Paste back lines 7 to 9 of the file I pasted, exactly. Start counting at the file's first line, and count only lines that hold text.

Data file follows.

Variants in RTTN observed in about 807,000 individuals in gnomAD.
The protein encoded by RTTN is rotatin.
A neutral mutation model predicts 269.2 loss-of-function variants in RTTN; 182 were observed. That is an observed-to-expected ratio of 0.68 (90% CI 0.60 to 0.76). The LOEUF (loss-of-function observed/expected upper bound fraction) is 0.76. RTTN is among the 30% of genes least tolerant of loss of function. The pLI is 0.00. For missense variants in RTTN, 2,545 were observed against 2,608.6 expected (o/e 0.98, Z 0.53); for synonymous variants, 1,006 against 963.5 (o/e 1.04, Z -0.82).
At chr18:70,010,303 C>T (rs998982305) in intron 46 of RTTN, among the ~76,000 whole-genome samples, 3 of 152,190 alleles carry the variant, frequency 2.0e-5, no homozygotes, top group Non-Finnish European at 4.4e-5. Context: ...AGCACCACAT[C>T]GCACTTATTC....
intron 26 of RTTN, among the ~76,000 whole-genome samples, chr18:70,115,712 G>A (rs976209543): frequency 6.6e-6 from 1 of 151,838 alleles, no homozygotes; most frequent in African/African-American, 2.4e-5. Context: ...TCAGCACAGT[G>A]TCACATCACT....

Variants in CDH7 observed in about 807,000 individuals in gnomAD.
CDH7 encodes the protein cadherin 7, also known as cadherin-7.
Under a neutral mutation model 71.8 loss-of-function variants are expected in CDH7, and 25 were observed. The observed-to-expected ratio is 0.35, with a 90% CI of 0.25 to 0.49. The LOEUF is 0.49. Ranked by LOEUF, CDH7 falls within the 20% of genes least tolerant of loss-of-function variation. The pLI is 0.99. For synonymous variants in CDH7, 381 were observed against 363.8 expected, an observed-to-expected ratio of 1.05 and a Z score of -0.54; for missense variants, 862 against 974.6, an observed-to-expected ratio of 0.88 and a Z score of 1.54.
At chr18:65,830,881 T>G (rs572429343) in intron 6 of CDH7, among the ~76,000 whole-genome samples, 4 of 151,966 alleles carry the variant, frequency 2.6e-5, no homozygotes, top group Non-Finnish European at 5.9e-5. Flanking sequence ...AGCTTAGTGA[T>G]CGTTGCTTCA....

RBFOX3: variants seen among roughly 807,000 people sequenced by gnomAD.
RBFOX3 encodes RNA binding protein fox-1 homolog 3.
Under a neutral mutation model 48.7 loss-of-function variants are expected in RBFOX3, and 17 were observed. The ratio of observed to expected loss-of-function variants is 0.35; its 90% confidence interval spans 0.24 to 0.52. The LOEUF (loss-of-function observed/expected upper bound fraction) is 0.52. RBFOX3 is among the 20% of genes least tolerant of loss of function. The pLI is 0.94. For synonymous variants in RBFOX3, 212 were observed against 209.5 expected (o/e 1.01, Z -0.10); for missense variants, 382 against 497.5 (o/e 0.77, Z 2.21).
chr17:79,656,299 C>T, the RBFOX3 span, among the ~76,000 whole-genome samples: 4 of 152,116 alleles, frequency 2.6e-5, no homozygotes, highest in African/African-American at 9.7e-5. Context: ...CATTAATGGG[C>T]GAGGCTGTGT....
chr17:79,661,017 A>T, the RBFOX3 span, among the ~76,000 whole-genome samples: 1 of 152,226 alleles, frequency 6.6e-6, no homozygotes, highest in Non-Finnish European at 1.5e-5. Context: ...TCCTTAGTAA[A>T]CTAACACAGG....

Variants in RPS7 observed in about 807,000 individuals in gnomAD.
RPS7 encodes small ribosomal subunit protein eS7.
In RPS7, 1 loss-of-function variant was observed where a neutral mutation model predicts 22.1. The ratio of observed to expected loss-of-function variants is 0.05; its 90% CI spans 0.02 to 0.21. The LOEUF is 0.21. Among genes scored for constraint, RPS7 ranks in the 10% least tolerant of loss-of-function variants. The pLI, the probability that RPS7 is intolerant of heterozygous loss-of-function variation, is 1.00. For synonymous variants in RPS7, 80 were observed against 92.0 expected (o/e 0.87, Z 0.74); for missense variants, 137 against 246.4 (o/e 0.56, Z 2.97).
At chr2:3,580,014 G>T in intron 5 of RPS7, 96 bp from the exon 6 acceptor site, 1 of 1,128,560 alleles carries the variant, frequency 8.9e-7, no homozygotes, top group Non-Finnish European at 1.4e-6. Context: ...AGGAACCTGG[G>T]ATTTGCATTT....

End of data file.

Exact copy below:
CDH7 encodes the protein cadherin 7, also known as cadherin-7.
Under a neutral mutation model 71.8 loss-of-function variants are expected in CDH7, and 25 were observed. The observed-to-expected ratio is 0.35, with a 90% CI of 0.25 to 0.49. The LOEUF is 0.49. Ranked by LOEUF, CDH7 falls within the 20% of genes least tolerant of loss-of-function variation. The pLI is 0.99. For synonymous variants in CDH7, 381 were observed against 363.8 expected, an observed-to-expected ratio of 1.05 and a Z score of -0.54; for missense variants, 862 against 974.6, an observed-to-expected ratio of 0.88 and a Z score of 1.54.
At chr18:65,830,881 T>G (rs572429343) in intron 6 of CDH7, among the ~76,000 whole-genome samples, 4 of 151,966 alleles carry the variant, frequency 2.6e-5, no homozygotes, top group Non-Finnish European at 5.9e-5. Flanking sequence ...AGCTTAGTGA[T>G]CGTTGCTTCA....